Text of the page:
Wills or Trusts: What's the Difference?

The Will versus Trust Debate         

USBOOMERS thanks attorney Robert Knauer for his review of this article for accuracy.

Frequently one hears, "Avoid probate costs, do a Living Trust." The source of such a comment is frequently someone passing through town doing a seminar. But what is behind the statement?

Definitions for the Layman

A Will is a set of instructions regarding the disposition of property, it takes effect at death.

Probate is the Court's supervised disposition of property in accordance with the directions in a Will.

A Trust is a set of instructions that can apply during life and/or death. Property in a Living Trust does not pass through probate.

A Personal Representative is the same as an Executor. It is the person or entity responsible for performing the instructions in a Trust.

Some points to consider

Most of a person's property is considered for federal estate tax purposes and for state death tax purposes regardless of whether it is held in a Living Trust or passes by Will. For example, life insurance does not pass by a Will (nor go through probate) and is not considered for state death tax purposes. However, it is considered for federal estate tax purposes.

Having a Trust, per se, does not save on federal estate taxes nor on state death taxes. Both Wills and Trusts can include provisions for tax savings strategies. Refer to the article "Estate Planning and You" in the Money section of usboomers for a table of when decedent's begin to owe federal estate taxes.

Probate is public information. Persons can go to the courthouse and see how a probate estate was distributed and to whom. This only applies to that portion of the estate that goes through probate.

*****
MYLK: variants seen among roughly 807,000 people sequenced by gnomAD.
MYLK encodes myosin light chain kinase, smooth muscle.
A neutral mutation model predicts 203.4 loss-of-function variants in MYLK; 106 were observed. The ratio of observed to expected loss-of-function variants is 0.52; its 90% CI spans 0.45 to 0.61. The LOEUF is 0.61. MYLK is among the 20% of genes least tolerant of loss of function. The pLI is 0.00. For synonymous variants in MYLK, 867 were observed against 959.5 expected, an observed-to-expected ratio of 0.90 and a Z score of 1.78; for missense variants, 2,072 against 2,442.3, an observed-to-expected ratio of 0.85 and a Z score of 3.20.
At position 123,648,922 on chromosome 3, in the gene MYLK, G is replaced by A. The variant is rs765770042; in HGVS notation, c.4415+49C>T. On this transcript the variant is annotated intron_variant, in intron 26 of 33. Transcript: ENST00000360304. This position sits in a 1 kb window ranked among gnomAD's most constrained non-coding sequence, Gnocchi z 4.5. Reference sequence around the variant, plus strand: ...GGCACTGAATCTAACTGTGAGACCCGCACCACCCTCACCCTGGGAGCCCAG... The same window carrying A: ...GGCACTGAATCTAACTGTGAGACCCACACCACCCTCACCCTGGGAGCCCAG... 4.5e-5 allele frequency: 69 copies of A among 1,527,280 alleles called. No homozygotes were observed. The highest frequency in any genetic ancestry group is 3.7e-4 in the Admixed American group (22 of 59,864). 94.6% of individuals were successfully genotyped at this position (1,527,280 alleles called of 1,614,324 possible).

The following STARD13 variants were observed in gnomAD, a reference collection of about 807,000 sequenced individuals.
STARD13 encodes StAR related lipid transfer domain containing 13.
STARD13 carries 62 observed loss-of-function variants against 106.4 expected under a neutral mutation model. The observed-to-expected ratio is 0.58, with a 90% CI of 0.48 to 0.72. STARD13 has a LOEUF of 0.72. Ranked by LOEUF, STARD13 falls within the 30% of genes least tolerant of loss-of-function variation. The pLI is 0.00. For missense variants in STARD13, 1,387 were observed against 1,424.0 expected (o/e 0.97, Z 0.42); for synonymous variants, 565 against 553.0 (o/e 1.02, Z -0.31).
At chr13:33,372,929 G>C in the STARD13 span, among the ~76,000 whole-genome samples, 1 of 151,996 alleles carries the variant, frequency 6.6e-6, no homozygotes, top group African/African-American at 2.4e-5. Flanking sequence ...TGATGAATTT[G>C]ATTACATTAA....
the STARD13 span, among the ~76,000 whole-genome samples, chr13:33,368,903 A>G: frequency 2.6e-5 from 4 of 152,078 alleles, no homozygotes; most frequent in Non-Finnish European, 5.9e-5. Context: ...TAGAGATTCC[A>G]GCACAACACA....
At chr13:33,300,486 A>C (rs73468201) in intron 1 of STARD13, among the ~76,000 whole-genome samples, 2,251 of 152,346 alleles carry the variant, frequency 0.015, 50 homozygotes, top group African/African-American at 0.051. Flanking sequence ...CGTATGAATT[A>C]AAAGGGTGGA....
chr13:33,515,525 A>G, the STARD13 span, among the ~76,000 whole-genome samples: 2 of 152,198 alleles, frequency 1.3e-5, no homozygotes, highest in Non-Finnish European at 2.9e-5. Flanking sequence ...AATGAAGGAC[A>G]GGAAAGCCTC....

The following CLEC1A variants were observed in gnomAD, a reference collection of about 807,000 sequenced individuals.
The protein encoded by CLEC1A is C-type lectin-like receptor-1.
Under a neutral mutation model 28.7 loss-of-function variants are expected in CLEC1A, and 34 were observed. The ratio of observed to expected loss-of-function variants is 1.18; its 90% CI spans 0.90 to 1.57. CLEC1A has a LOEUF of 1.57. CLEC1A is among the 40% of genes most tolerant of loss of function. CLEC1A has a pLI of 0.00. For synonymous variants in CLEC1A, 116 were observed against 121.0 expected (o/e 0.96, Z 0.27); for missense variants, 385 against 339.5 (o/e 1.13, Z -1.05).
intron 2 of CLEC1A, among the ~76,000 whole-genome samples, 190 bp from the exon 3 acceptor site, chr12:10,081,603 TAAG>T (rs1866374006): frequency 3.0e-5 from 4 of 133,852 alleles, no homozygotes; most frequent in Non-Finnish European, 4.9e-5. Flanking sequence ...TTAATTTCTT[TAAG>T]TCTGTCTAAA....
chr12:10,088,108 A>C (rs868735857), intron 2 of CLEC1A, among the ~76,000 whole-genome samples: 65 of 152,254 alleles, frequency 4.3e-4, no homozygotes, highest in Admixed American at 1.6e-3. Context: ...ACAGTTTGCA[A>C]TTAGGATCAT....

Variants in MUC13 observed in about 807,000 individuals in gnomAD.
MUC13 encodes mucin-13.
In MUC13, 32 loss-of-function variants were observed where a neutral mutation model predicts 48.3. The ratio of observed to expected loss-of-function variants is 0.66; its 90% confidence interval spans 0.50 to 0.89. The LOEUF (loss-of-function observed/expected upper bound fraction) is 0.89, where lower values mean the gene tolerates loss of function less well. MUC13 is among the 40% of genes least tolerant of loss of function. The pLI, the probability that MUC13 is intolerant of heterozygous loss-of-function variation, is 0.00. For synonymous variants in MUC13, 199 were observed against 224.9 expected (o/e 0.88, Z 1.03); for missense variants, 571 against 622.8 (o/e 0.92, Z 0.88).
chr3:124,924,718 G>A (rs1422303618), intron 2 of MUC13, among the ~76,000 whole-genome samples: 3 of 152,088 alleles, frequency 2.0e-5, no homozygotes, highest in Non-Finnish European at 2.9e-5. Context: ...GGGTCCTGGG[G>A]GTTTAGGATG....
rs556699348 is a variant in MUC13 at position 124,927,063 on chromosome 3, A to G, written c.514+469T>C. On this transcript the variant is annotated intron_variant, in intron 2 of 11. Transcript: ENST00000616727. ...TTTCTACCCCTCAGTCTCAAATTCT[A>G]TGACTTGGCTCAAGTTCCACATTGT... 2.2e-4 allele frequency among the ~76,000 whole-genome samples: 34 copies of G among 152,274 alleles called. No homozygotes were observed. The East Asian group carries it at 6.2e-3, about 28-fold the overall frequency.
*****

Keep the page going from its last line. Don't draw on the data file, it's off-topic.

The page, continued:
Probate costs apply to that portion of the estate that goes through probate. Probate costs vary widely among states. Texas is low; New York is high.

Trusts can be private thereby shielding from prying eyes the details of the distribution of an estate. However, Trusts become open to public view when they are challenged or disputed.

Often, the costs to set up a Trust are substantially greater than the costs to prepare a Will.

The fees to administer a probate estate and to administer a Living Trust are often about the same. This can however vary significantly by state.

Trusts must be funded to be effective. A Trust provides instructions regarding property owned by the Trust. So, if a Trust is being utilized, assets must re-titled to the Trust. Exactly how to do this should involve legal council.

The Personal Representative under a Will, or the Trustee under a Trust, have a fiduciary responsibilities and are personally obligated to see that the document provisions are met. If a Trust is used, be sure that your Trustee is a trustworthy individual. The actions of a Trustee are generally not court supervised. The actions of a Personal Representative under a Will generally are court supervised.

In Conclusion

Either a Will or a Trust may be appropriate depending on your circumstances. Neither is best for all situations. When deciding between a Will and a Trust, consult a reputable attorney. With growing frequency, non-attorneys are trying to "sell" Living Trusts. Technically, this is an unauthorized practice of law. You could be victimized. A reputable attorney is able to advise you on the many factors to consider. Do not buy into the scare tactic that a Trust is always better and cheaper.

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